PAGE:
Financial Repression Definition, Features, Consequences

What Is Financial Repression?

Financial repression is a term that describes measures by which governments channel funds from the private sector to themselves as a form of debt reduction. The overall policy actions result in the government being able to borrow at extremely low interest rates, obtaining low-cost funding for government expenditures.

This action also results in savers earning rates less than the rate of inflation and is therefore repressive. The concept was first introduced in 1973 by Stanford economists Edward S. Shaw and Ronald I. McKinnon to disparage government policies that suppressed economic growth in emerging markets.

Key Takeaways

  • Financial repression is an economic term that refers to governments indirectly borrowing from industry to pay off public debts.
  • These measures are repressive because they disadvantage savers and enrich the government.
  • Some methods of financial repression may include artificial price ceilings, trade limitations, barriers to entry, and market control.

Understanding Financial Repression

Financial repression is an indirect way for governments to have private industry dollars pay down public debts. A government steals growth from the economy with subtle tools like zero interest rates and inflationary policies to knock down its own debts. Some of the methods may actually be direct, such as outlawing the ownership of gold and limiting how much currency can be converted into foreign currency.

In 2011, economists Carmen M. Reinhart and M. Belen Sbrancia hypothesized in a National Bureau of Economic Research (NBER) paper, entitled "The Liquidation of Government Debt," that governments could return to financial repression to deal with debt following the 2008 economic crisis.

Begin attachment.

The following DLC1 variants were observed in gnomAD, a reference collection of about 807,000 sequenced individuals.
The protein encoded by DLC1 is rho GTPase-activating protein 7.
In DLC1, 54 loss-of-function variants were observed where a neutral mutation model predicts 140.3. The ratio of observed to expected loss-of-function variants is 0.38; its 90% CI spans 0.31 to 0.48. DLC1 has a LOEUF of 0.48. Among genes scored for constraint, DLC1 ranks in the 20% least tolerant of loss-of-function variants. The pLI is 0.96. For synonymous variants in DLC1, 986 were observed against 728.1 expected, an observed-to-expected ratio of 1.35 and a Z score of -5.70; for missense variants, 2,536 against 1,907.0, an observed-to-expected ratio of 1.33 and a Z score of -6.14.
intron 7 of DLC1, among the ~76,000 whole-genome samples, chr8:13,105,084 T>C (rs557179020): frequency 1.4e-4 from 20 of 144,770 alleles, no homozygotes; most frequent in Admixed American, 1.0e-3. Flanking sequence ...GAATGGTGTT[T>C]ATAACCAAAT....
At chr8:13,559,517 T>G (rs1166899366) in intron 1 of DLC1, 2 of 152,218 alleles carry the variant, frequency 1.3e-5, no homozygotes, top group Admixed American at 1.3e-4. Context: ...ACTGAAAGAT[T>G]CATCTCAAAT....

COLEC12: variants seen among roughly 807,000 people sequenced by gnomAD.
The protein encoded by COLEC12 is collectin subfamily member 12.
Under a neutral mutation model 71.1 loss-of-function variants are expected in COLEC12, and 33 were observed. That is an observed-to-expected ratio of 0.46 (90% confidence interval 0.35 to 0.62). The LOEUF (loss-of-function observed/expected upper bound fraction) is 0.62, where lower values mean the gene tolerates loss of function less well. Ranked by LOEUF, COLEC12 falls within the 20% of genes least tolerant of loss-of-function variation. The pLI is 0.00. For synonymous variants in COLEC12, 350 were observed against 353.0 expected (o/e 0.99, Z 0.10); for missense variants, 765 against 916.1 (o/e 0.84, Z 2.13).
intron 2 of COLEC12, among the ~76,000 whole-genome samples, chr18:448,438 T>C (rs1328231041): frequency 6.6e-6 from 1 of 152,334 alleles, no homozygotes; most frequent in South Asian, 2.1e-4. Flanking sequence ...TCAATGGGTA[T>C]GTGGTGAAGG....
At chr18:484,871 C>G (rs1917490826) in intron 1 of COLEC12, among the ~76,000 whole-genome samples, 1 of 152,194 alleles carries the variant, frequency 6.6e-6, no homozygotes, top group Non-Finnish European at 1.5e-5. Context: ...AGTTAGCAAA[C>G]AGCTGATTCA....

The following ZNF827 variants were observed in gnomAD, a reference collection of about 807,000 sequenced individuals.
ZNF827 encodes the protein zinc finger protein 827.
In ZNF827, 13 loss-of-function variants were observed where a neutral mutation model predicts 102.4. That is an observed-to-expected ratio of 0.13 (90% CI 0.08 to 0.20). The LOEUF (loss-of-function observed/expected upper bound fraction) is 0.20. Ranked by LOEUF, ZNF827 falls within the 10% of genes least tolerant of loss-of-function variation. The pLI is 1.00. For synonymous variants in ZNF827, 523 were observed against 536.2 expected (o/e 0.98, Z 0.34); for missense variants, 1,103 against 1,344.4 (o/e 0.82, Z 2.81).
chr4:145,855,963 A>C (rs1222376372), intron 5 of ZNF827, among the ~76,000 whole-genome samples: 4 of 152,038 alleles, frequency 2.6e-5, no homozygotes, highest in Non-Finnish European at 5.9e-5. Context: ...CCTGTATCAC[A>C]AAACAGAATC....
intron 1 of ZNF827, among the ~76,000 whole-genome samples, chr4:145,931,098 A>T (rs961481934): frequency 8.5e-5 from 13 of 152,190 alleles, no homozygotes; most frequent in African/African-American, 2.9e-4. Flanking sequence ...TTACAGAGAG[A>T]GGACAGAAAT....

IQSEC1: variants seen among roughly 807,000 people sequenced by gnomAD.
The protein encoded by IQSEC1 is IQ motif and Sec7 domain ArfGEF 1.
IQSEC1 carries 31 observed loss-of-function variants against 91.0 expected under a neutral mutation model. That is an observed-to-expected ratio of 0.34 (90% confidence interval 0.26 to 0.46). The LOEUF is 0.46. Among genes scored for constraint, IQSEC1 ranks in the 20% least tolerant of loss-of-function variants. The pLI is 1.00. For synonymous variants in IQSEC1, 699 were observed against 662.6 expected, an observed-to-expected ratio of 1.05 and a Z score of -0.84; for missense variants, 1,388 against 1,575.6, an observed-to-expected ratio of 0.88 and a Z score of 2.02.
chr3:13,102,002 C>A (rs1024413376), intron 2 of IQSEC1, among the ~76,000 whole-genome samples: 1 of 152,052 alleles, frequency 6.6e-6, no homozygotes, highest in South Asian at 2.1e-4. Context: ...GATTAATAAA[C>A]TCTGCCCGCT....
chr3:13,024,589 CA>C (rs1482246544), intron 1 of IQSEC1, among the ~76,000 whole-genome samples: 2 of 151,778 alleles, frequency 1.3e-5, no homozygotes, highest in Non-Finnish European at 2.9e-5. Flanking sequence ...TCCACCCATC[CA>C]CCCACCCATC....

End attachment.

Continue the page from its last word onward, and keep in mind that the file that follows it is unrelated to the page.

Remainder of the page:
Financial repression can include such measures as direct lending to the government, caps on interest rates, regulation of capital movement between countries, reserve requirements, and a tighter association between government and banks. The term was initially used to point out bad economic policies that held back the economies in less developed nations. However, financial repression has since been applied to many developed economies through stimulus and tightened capital rules following the 2007–09 Financial Crisis.

Features of Financial Repression

Reinhart and Sbrancia indicate that financial repression features:

  • Caps or ceilings on interest rates
  • Government ownership or control of domestic banks and financial institutions
  • Creation or maintenance of a captive domestic market for government debt
  • Restrictions on entry to the financial industry
  • Directing credit to certain industries

The same paper found that financial repression was a key element in explaining periods of time where advanced economies were able to reduce their public debt at a relatively quick pace. These periods tended to follow an explosion of public debt. In some cases, this was a result of wars and their costs. More recently, public debts have grown as a result of stimulus programs designed to help lift economies out of the Great Recession.

The stress tests and updated regulations for insurers essentially force these institutions to buy more safe assets. Chief among what regulators consider a safe asset is, of course, government bonds. This buying of bonds helps, in turn, to keep interest rates low and potentially encourages overall inflation—all of which culminates in a quicker reduction in public debt than would have otherwise been possible.

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